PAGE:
Supporting the seasoned student

Older college students shouldn’t be looked down upon; they can help their fellow students.

Editorial board

The overwhelming majority of students at the University of Minnesota are only a few years removed from their time spent as teenagers. However, when we enter the University community we have to interact with fellow classmates who have long passed the days of pepperoni faces and awkward hormonal imbalances: the older generation of college students.

We see a smattering of them in our classes; we are impressed or intimidated by their diligent note-taking and sometimes mistake them for teachers. Although we sit beside them in lecture, listening to the very same drone emitting from the professor, we somehow see nontraditional students as inherently different from us. Born into a generation intensely aware of the gender and racial prejudices our parents faced, perhaps ageism is now the societal hurdle we face.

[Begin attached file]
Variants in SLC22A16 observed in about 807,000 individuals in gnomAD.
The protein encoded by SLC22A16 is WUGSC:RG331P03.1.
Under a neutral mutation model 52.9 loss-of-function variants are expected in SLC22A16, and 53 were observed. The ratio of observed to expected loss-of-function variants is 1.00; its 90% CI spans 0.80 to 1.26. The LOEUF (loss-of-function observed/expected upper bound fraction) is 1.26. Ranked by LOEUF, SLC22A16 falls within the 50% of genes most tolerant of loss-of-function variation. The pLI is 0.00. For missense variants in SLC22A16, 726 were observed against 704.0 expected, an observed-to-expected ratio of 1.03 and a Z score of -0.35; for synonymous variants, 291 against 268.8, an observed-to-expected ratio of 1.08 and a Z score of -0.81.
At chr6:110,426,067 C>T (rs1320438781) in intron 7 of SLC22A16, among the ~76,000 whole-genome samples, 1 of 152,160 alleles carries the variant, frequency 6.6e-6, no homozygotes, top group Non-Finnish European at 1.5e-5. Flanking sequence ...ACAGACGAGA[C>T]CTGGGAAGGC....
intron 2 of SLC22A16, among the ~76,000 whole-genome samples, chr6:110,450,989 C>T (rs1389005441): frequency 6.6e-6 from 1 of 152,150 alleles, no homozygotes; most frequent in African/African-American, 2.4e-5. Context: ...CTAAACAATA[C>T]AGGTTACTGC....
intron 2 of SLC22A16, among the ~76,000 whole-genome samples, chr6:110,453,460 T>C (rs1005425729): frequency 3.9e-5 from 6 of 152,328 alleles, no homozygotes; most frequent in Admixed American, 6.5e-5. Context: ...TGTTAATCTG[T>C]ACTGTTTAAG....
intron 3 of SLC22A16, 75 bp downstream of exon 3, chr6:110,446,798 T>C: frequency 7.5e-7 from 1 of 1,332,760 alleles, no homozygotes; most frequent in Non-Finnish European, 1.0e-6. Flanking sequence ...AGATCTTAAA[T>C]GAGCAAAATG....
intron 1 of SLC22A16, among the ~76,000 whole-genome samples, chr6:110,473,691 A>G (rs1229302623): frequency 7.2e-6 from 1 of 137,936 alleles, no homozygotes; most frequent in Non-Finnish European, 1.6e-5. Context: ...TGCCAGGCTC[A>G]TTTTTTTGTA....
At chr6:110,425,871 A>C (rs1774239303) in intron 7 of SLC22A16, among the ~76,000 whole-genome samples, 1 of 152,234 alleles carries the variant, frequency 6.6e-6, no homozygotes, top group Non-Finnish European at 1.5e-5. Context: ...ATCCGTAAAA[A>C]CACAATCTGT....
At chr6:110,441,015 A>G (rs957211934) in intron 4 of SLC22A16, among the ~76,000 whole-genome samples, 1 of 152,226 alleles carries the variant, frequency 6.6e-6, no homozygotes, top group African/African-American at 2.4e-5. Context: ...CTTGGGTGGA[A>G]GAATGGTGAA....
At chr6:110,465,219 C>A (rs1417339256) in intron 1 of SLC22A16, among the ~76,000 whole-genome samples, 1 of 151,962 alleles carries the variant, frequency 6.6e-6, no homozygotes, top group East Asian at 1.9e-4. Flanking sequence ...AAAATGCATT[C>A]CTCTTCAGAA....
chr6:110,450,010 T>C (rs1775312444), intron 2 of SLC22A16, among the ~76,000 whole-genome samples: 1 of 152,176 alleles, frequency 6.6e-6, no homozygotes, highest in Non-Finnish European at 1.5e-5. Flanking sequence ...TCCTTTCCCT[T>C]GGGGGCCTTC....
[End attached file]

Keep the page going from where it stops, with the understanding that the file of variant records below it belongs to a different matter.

Rather than ignoring older students or focusing on how their age might be closer to our parents’ than our own, we should treat them the same way we treat other classmates. Students who are returning to college after years spent away from the classroom already face difficulties readjusting to the unfamiliar environment. Being open and inviting to them will go a long way in making their adjustment easier, and their significantly longer life experience can benefit us, too.

The fall 2012 enrollment statistics for the University listed 4,349 total students older than 35. As students we need to get rid of the rigid concepts of time and age and embrace a diverse community with an older — and perhaps wiser — student body. While our older classmates don’t get college credit for life experience, rather than treat them with disdain, we should value what they bring to University classrooms.